Written in 1968 by one of the best known Kannada writers of all times, the book won the very prestigious Jnanapith award in 1977, but is little spoken of these days. I loved the book because it overturned ideas of older, uneducated women as being simple, set in their ways, and to be ignored. It is especially relevant in today’s times when religious fundamentalism is on the rise across the world—in India, the US, and so many other countries. I wish this book was better known.

“I loved [Shivaram Karanth’s The Dreams of Mookajji] because it overturned ideas of older, uneducated women as being simple, set in their ways, and to be ignored.” ~Harini Nagendra on a fave desi book. #DB10QA @DesiBooks

6. What’s the best writing advice you’ve ever received?

That every ‘good’ scene needs the right amount of conflict. I like to write happy scenes and to imagine a world where my main characters mostly get along and cooperate to solve problems. But my editor pointed out that some of the scenes in my book would be more interesting if I introduced a bit of tension between the protagonists, even those on the same side. And she was absolutely right, as I realized when I read another book with an editorial eye rather than a reader’s eye and found I was getting bored in a couple of places. This has got me thinking about why I tend to dislike conflict and I find it interesting how writing helps us shine a mirror on our own selves.

#writingtip from Harini Nagendra: “That every ‘good’ scene needs the right amount of conflict […] writing helps us shine a mirror on our own selves.” #DesiBooks10QA @DesiBooks

7. While writing your latest book, how did you keep yourself motivated to keep going despite setbacks (if any)?

Deadlines! As a career academic who routinely writes research papers and newspaper columns, I work best to deadlines. Writing the complete first draft of Book 1 in my series was the hardest because I had no external deadline. Once I had that done, completing revisions on time was much easier. By then, I had my agent and then my publishers, who needed the manuscript turned in by a specific time.

Writing Book 2 was difficult for a very different reason as my mother was unwell. It was very challenging for me to get the mental space to write (fortunately, she’s much better now.) But deadlines helped, once again. I hate backing out of anything I commit to and that kept me going. I do need copious amounts of tea to write. Good old-fashioned Indian chai, with lots of milk and sugar—which my husband keeps me well-supplied with—and that keeps me fueled.

8. With this latest book, what does “literary success” mean to you?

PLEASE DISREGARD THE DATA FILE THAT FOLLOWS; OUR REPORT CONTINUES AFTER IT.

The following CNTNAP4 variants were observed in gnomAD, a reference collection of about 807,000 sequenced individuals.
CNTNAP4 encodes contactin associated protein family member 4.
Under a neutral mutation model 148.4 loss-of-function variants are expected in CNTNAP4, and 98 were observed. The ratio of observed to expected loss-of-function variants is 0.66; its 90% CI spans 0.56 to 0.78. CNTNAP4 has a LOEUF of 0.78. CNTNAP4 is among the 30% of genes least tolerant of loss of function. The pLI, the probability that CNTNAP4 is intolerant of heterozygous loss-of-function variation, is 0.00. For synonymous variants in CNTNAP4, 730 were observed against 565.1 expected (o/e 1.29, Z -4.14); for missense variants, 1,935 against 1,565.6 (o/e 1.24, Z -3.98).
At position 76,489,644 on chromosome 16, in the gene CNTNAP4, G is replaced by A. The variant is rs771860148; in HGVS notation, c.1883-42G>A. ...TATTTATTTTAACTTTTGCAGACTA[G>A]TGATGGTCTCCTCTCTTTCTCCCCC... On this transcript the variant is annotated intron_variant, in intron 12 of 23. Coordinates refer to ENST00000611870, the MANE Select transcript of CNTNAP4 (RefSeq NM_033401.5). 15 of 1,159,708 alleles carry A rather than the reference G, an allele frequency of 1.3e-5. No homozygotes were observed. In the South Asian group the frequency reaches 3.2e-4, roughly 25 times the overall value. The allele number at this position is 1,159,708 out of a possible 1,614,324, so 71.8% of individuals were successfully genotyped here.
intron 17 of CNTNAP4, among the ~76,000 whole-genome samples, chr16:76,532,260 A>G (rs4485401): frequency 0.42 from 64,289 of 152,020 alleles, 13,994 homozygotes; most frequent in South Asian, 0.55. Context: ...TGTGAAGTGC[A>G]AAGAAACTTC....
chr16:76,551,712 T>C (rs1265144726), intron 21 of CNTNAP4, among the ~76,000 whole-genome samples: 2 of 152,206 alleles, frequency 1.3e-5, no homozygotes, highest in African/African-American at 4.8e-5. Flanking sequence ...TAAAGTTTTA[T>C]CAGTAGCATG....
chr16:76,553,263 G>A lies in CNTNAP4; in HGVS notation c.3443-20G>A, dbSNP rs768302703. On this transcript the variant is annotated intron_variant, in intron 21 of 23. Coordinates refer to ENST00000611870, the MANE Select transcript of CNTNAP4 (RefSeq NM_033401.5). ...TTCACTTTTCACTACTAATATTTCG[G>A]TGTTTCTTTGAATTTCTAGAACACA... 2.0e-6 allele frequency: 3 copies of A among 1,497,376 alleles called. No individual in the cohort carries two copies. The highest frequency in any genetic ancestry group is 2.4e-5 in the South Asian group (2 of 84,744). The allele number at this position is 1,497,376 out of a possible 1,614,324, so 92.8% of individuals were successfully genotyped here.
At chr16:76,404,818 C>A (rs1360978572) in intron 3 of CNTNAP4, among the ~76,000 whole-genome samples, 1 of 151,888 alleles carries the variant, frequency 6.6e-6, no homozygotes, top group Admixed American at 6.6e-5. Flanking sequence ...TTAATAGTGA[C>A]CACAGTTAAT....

The day I heard that the New York Times had featured The Bangalore Detectives Club was unforgettable. But true literary success? I’d say my personal favorite moment was when my daughter, who had read all the previous drafts of my book, grabbed the print copy and buried herself in it, refusing to talk to me until she finished it. If I can pull her into a book that I created from scratch, that’s success for me.

9. How have larger literary citizenship efforts or the writing community helped you with this latest book?

The fellowship of the crime-writing community has been incredible. I was thrilled to have some of my favorite authors write blurbs for me: Catriona McPherson and Rhys Bowen, whose books I have loved for so long, as well as Sujata Massey, Vaseem Khan, Abir Mukherjee, and so many others. Despite never having met in person, Catriona reached out and nudged me, asking if I wanted her to read an advance copy (of course I did!) and introducing me to other authors like Susanne Calkins and Victoria Thompson.

The Sisters in Crime and Mystery Writers of America online communities have been hugely supportive as well, providing insightful writerly and marketing advice. And the Crime Writers of Color group has been a terrific place to learn, with special thanks to Gigi Pandian, one of the founders, who recommended that I join. The group discusses many aspects of writing, but also talks about how to navigate past issues of racism and structural discrimination against writers of color. I’d highly recommend other desi crime writers join all three groups.

10. What would you most like readers to take away from this latest book?

“..that, across all times, a small handful of determined women have always defied societal expectations to thrive and bring about change.” ~Harini Nagendra on reader takeaways from her novel, The Bangalore Detectives Club #DesiBooks10QA @DesiBooks

My main character, Mrs. Kaveri Murthy, is a newly-married nineteen-year-old woman who loves swimming and detective mysteries, and dreams of being a mathematician. But her mother-in-law disapproves, believing that too much education makes a woman’s brain go soft. Kaveri is not easily deflected from her path and ends up not only studying mathematics but also educating other women who lack the opportunity. I’d like my readers to end the book knowing that, across all times, a small handful of determined women have always defied societal expectations to thrive and bring about change. In doing so, they made the world a better place for those of us who came after.

Harini Nagendra has a debut novel out, The Bangalore Detectives Club. More details at her website.

The Bangalore Detectives Club, Harini Nagendra’s debut novel, is the first in the Detective Kaveri mysteries, and about a sari-clad sleuth in 1920s India. #DesiBooks10QA @DesiBooks